Our bilateral economic relations are already excellent. The Netherlands is the second-largest investor in Canada. And conversely, there are more than a hundred Canadian companies active in our country, providing thousands and thousands of jobs. In the last ten years, total trade flows from the Netherlands to Canada have almost tripled. Since the provisional application of CETA we have seen a remarkable upswing in the trade figures between Canada and the EU member states. And I’m happy to say that the rise in trade figures between Canada and the Netherlands is among the highest of all EU countries. We can only expect more positive effects of CETA in the years to come, as ratification progresses and businesses become more familiar with its benefits.

Let me emphasise that CETA is not only about earning more euros and Canadian dollars. It’s also about protecting consumer interests, advancing sustainable production and promoting equitable labour relations and gender equality. You could say that CETA sets a positive and modern example of the way forward for free trade and constructive multilateralism. Because when trade is free and fair, we can all be winners. Or, in the spirit of Edmund Burke: free trade and a just society relate to each other like cause and effect. It’s important that we keep broadcasting this message, especially at a time like this.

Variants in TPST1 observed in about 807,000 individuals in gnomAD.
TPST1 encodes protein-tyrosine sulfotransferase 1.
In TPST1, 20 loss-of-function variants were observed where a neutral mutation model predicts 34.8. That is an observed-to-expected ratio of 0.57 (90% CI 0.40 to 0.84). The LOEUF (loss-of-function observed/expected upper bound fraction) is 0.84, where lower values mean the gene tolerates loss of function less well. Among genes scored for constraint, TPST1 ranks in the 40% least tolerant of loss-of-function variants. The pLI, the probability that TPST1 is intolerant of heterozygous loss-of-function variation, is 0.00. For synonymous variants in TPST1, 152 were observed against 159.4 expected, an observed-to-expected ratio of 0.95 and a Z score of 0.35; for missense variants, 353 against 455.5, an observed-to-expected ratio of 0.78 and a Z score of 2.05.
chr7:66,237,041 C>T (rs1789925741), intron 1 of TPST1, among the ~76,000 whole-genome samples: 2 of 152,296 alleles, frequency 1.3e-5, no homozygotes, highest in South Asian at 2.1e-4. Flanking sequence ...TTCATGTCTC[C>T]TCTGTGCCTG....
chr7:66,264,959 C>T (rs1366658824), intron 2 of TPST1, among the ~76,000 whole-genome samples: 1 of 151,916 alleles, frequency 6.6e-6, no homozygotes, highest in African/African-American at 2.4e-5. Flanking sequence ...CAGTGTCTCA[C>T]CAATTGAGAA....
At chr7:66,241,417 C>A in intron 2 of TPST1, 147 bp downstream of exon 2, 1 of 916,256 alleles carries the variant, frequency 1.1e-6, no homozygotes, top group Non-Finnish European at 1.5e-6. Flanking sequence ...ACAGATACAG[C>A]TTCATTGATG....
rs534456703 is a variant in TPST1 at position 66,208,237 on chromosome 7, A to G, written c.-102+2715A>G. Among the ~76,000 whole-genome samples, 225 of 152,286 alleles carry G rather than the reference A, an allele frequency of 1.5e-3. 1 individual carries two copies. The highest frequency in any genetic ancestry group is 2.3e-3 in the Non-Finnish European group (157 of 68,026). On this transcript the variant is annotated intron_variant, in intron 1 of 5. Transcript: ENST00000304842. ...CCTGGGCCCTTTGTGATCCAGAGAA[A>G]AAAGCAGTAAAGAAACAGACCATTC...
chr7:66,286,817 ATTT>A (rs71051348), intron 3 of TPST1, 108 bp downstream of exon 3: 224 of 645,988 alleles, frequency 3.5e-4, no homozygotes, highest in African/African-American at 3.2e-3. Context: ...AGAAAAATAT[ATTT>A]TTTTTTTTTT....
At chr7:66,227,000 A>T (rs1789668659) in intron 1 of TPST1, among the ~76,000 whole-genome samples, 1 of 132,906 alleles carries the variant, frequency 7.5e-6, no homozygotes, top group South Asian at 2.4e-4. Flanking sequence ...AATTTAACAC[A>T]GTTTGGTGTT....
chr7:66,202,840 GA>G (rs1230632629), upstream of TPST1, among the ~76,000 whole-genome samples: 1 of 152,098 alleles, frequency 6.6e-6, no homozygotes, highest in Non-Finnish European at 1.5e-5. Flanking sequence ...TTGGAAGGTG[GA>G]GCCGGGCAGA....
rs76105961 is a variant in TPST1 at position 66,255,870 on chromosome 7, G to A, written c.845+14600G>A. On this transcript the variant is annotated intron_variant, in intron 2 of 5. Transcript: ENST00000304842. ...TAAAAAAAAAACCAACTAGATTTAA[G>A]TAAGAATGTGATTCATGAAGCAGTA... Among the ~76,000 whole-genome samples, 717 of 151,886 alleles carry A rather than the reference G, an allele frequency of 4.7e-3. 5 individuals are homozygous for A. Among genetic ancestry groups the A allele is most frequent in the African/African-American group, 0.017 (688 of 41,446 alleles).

For many years, the transatlantic voice rang out loud and clear, because both sides of the Atlantic were singing from the same hymn sheet. Today we’re seeing debates on trade barriers and import tariffs that are putting trade relations under pressure. Having said that, I think it’s a positive sign that Canada, the United States and Mexico have negotiated a revised trade agreement. The European Union and the US are also making progress on their bilateral trade agenda. This shows that we all realise how much we need each other. And that transatlantic cooperation is as crucial for jobs and prosperity as it is for security in our countries. And in all fairness, we can’t blame the US for urging other NATO members to step up their efforts and pick up their share of the bill.

In Europe we now face the great unknown of Brexit. Let me be totally honest: I still think it’s a terrible idea. And I can imagine that many of you feel the same, if only because 40 per cent of Canada-EU trade passes through the United Kingdom. The negotiations are proving complex, because, as it turns out, it’s not so easy to unbreak the eggs that made the omelette. Nevertheless, the people of the United Kingdom have spoken. We have to respect that, and deal with the consequences.

We in the Netherlands are going to miss a key partner in the EU. A partner that thinks like we do on many issues. We also know that Brexit will cost us dearly. Of all the economies of mainland Europe, the Dutch is the most interwoven with the British. The UK is our third-biggest bilateral trade partner. So yes, we will miss our British friends in Brussels.